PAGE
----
In our opinion, the best approach is the segregated integration approach which places the natural options next to their traditional alternatives (e.g., natural and organic entrees next to traditional) but highlights them with freezer signage or different shelving.

Most retailers have also discovered that trial-generating promotions and circular advertising support is another important component to building a successful natural program.

6. Misunderstanding natural demographics

Expansion efforts of natural product chains have been successful in large part due to their expert knowledge of the demographics, psychographics or any other "-graphics" that define the natural & organic consumer, and their ability to match store location to this profile.

Whereas the grocery segment has strong access to data, some appear to be less selective in terms of locating their stores that feature natural sections. Not all stores within a grocery chain have the demographic fit with the natural consumer to warrant natural food inclusion. Some chains are more sophisticated than others in terms of matching these critical components.

This article is an excerpt from the Natural Products Field Manual, Sixth Edition, a guidebook and resource compendium for entrepreneurs in the natural products and specialty foods markets. Authors Bob Burke and Rick McKelvey describe it as “the book we wish we had when we were starting out.” The Field Manual is a no-brainer for anyone bringing natural, organic or specialty products to market. For more information, visit the Natural Products Consulting Institute website.

About the Author(s)

Bob Burke

As a consultant since 1998, Bob Burke provides assistance in bringing natural, organic and specialty products to market across most classes of trade. This includes work in strategic planning, growth strategies, writing sales, marketing and business plans, budgeting, pricing, building distribution, broker selection and management, organizational development, strategic options, financing, branding, trade spending management and assistance around M&A, due diligence and venture strategy groups. He is also the co-author and co-publisher of the Natural Products Field Manual, Sixth Edition, The Sales Manager’s Handbook and Staking Out Space on the Supermarket Shelf. Prior to consulting, Bob was with Stonyfield Farm Yogurt for 11 years as Vice President, Sales & Corporate Development and Vice President, Marketing & Sales. He has held marketing positions with Colombo, Inc. and Sperry Top-Sider. He received an MBA from Babson College.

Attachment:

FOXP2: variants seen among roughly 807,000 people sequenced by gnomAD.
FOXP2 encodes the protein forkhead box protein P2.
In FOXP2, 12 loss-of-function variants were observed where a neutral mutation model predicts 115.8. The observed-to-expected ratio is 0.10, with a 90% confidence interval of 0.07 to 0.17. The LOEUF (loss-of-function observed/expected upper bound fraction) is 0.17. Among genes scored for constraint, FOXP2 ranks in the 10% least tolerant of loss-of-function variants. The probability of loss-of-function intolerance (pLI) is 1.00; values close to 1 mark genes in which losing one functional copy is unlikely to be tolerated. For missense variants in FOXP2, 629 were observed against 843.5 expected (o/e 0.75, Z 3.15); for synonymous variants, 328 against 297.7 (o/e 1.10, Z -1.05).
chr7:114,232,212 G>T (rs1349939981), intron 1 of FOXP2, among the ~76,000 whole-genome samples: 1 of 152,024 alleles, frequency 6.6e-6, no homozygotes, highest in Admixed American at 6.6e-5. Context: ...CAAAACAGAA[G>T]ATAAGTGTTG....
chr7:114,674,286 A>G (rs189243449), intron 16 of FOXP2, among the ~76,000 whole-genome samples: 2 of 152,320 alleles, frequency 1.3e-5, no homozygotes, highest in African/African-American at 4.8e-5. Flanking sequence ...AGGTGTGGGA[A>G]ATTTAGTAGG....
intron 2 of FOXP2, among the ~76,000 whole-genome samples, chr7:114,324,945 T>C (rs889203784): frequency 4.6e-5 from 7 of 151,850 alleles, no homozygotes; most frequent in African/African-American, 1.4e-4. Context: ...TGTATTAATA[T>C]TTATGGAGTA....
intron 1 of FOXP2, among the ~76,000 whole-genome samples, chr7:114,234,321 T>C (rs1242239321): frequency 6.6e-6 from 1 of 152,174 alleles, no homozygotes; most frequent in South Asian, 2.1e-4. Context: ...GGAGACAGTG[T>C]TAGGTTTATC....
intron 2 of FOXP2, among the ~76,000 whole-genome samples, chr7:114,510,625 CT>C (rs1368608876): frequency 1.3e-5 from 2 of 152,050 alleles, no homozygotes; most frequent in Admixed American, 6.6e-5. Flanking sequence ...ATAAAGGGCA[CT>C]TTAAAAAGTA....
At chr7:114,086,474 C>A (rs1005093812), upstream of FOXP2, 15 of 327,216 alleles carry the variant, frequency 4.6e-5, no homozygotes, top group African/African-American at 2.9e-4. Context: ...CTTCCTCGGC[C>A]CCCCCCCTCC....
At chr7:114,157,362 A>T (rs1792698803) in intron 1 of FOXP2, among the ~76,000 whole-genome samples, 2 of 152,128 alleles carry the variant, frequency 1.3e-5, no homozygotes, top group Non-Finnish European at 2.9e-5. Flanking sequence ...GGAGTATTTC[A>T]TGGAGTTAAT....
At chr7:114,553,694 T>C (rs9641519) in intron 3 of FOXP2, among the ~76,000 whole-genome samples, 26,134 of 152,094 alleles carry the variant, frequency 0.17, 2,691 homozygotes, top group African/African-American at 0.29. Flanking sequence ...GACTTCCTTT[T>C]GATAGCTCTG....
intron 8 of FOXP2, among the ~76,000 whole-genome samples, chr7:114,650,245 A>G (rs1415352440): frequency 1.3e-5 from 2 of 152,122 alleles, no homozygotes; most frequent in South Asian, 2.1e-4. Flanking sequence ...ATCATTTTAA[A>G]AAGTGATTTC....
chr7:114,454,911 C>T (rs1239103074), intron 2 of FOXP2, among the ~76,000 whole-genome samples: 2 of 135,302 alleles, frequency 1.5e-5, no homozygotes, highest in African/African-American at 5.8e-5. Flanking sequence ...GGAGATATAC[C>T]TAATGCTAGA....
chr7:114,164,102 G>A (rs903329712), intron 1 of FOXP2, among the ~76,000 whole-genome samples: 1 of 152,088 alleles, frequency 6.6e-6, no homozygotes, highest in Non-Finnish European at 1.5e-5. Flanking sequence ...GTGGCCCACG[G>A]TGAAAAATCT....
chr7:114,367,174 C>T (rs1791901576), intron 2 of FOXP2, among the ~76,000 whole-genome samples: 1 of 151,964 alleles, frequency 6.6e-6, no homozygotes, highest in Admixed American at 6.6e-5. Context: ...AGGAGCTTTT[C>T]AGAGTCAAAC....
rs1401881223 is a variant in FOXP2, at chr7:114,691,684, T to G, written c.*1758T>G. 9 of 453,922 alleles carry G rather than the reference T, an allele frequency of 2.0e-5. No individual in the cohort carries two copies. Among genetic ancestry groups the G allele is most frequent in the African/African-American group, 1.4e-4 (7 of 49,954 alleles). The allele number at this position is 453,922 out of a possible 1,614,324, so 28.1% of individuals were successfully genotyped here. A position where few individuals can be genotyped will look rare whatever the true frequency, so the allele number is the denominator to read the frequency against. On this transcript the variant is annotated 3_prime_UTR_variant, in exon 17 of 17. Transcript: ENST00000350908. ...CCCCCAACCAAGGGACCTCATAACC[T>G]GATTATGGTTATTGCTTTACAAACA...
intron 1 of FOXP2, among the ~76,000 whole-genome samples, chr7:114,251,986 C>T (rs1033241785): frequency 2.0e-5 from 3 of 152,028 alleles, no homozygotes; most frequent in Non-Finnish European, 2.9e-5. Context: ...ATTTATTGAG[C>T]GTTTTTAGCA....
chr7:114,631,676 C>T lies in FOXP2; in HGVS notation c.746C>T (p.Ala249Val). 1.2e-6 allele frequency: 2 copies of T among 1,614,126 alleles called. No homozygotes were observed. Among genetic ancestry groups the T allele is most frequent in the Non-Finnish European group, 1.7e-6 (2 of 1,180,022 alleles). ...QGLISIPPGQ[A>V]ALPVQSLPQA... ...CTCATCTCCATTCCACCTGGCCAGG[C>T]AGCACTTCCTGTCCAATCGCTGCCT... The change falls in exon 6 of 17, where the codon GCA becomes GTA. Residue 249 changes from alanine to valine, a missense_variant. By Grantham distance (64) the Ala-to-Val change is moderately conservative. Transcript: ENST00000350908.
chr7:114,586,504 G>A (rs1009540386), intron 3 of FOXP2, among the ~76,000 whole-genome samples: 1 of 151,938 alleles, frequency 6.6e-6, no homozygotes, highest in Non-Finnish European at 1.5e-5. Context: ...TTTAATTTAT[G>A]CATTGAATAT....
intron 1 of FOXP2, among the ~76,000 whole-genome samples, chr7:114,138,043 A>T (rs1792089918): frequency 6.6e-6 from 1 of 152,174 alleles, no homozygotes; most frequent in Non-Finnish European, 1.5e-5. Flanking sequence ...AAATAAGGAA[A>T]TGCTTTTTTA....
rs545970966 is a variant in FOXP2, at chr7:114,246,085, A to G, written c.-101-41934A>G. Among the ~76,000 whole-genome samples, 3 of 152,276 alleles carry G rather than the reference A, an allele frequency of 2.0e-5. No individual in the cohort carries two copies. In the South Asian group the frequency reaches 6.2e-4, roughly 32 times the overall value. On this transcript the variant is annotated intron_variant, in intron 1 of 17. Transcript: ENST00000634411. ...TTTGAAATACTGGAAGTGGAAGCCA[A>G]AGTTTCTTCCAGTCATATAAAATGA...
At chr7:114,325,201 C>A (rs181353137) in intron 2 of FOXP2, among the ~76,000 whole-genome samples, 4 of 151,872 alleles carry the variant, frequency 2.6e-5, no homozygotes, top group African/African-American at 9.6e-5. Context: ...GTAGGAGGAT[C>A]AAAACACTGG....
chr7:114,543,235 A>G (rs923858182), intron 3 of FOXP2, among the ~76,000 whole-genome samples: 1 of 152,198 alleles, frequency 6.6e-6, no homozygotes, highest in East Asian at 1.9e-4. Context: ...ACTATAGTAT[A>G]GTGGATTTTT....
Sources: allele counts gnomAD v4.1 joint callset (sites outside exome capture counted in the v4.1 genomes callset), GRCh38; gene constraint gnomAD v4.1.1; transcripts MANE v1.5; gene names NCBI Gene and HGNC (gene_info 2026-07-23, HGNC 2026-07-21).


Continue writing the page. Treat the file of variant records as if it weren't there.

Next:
Bob has worked with numerous companies, including Annie’s Homegrown, Oregon Chai, Snyder’s of Hanover, UNFI, No Pudge!, Kraft Foods, Bayer Consumer Care Division, ConAgra, Kellogg’s, General Mills, Stacy’s Pita Chips, Kettle Cuisine, Small Planet Foods, New Hope Natural Media, Bushes Beans, Equal Exchange, Nantucket Offshore/Stirrings, Immaculate Baking, Dr. Bronner’s Magic Soaps, Dancing Deer Bakery, The Natural Dentist, Rice Select, EcoFish, PMO Wildwood, S.C. Johnson, Blake’s All Natural Foods, Megafood/BioSan, Mighty Leaf Tea, Lesser Evil Snack Co., Theo Chocolate, The Jane Goodall Institute, Kashi, Project 7, Vermont Butter and Cheese, Yoghund, Bord Bia, American Halal, Orgain, Turtle Island, the W.K. Kellogg Foundation, Bausch + Lomb, Boehringer Ingleheim, Harbar LLC, Rhino Foods, Popcorn Indiana, Stonehouse 27, The ProBar, Hail Merry, Mamma Chia, 479 Popcorn, Heel USA, Nature’s Path, Pfizer, Cape Cod Provisions, E&A Industries, Sopexa USA, Mavea LLC, Via Sana, Skyland Foods, Ignite Sales, Dave’s Gourmet and others.